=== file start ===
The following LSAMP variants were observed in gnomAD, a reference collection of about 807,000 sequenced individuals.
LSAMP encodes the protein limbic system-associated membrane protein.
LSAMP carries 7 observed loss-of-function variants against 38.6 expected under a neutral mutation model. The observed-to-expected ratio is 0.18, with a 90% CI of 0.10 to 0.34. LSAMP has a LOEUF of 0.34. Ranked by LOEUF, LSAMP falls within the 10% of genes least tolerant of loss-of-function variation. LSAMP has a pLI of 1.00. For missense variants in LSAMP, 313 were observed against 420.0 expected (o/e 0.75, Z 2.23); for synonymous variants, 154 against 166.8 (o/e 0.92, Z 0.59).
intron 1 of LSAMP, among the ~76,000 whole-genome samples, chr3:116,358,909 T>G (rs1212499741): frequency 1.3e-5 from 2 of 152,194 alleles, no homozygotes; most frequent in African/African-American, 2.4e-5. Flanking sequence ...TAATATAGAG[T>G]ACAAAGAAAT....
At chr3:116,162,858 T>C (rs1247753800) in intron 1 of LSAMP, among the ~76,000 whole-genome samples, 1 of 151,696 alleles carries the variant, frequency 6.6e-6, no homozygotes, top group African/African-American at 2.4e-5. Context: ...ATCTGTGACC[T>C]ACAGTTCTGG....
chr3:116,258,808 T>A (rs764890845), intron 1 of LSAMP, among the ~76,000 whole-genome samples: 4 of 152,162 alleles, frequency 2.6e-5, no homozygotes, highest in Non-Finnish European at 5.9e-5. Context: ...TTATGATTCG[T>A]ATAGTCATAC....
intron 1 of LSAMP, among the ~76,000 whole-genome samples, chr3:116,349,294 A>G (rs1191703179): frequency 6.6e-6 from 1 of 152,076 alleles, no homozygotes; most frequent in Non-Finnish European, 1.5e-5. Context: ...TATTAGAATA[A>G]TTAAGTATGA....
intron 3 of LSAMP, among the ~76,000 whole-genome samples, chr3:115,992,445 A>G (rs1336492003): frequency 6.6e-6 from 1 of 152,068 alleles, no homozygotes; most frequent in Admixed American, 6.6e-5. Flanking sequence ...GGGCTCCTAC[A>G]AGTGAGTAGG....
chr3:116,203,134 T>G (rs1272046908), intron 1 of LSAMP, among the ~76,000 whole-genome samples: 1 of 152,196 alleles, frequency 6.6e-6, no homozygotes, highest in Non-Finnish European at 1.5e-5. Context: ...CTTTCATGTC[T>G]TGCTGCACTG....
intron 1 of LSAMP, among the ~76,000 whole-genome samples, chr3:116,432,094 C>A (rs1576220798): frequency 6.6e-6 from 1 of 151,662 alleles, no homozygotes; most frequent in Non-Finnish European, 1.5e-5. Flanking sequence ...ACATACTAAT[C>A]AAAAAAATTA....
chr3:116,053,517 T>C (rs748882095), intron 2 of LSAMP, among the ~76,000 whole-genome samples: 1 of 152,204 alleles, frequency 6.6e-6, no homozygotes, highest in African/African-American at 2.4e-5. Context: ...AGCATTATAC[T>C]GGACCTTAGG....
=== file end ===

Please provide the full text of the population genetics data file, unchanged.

The following LSAMP variants were observed in gnomAD, a reference collection of about 807,000 sequenced individuals.
LSAMP encodes the protein limbic system-associated membrane protein.
LSAMP carries 7 observed loss-of-function variants against 38.6 expected under a neutral mutation model. The observed-to-expected ratio is 0.18, with a 90% CI of 0.10 to 0.34. LSAMP has a LOEUF of 0.34. Ranked by LOEUF, LSAMP falls within the 10% of genes least tolerant of loss-of-function variation. LSAMP has a pLI of 1.00. For missense variants in LSAMP, 313 were observed against 420.0 expected (o/e 0.75, Z 2.23); for synonymous variants, 154 against 166.8 (o/e 0.92, Z 0.59).
intron 1 of LSAMP, among the ~76,000 whole-genome samples, chr3:116,358,909 T>G (rs1212499741): frequency 1.3e-5 from 2 of 152,194 alleles, no homozygotes; most frequent in African/African-American, 2.4e-5. Flanking sequence ...TAATATAGAG[T>G]ACAAAGAAAT....
At chr3:116,162,858 T>C (rs1247753800) in intron 1 of LSAMP, among the ~76,000 whole-genome samples, 1 of 151,696 alleles carries the variant, frequency 6.6e-6, no homozygotes, top group African/African-American at 2.4e-5. Context: ...ATCTGTGACC[T>C]ACAGTTCTGG....
chr3:116,258,808 T>A (rs764890845), intron 1 of LSAMP, among the ~76,000 whole-genome samples: 4 of 152,162 alleles, frequency 2.6e-5, no homozygotes, highest in Non-Finnish European at 5.9e-5. Context: ...TTATGATTCG[T>A]ATAGTCATAC....
intron 1 of LSAMP, among the ~76,000 whole-genome samples, chr3:116,349,294 A>G (rs1191703179): frequency 6.6e-6 from 1 of 152,076 alleles, no homozygotes; most frequent in Non-Finnish European, 1.5e-5. Context: ...TATTAGAATA[A>G]TTAAGTATGA....
intron 3 of LSAMP, among the ~76,000 whole-genome samples, chr3:115,992,445 A>G (rs1336492003): frequency 6.6e-6 from 1 of 152,068 alleles, no homozygotes; most frequent in Admixed American, 6.6e-5. Flanking sequence ...GGGCTCCTAC[A>G]AGTGAGTAGG....
chr3:116,203,134 T>G (rs1272046908), intron 1 of LSAMP, among the ~76,000 whole-genome samples: 1 of 152,196 alleles, frequency 6.6e-6, no homozygotes, highest in Non-Finnish European at 1.5e-5. Context: ...CTTTCATGTC[T>G]TGCTGCACTG....
intron 1 of LSAMP, among the ~76,000 whole-genome samples, chr3:116,432,094 C>A (rs1576220798): frequency 6.6e-6 from 1 of 151,662 alleles, no homozygotes; most frequent in Non-Finnish European, 1.5e-5. Flanking sequence ...ACATACTAAT[C>A]AAAAAAATTA....
chr3:116,053,517 T>C (rs748882095), intron 2 of LSAMP, among the ~76,000 whole-genome samples: 1 of 152,204 alleles, frequency 6.6e-6, no homozygotes, highest in African/African-American at 2.4e-5. Context: ...AGCATTATAC[T>C]GGACCTTAGG....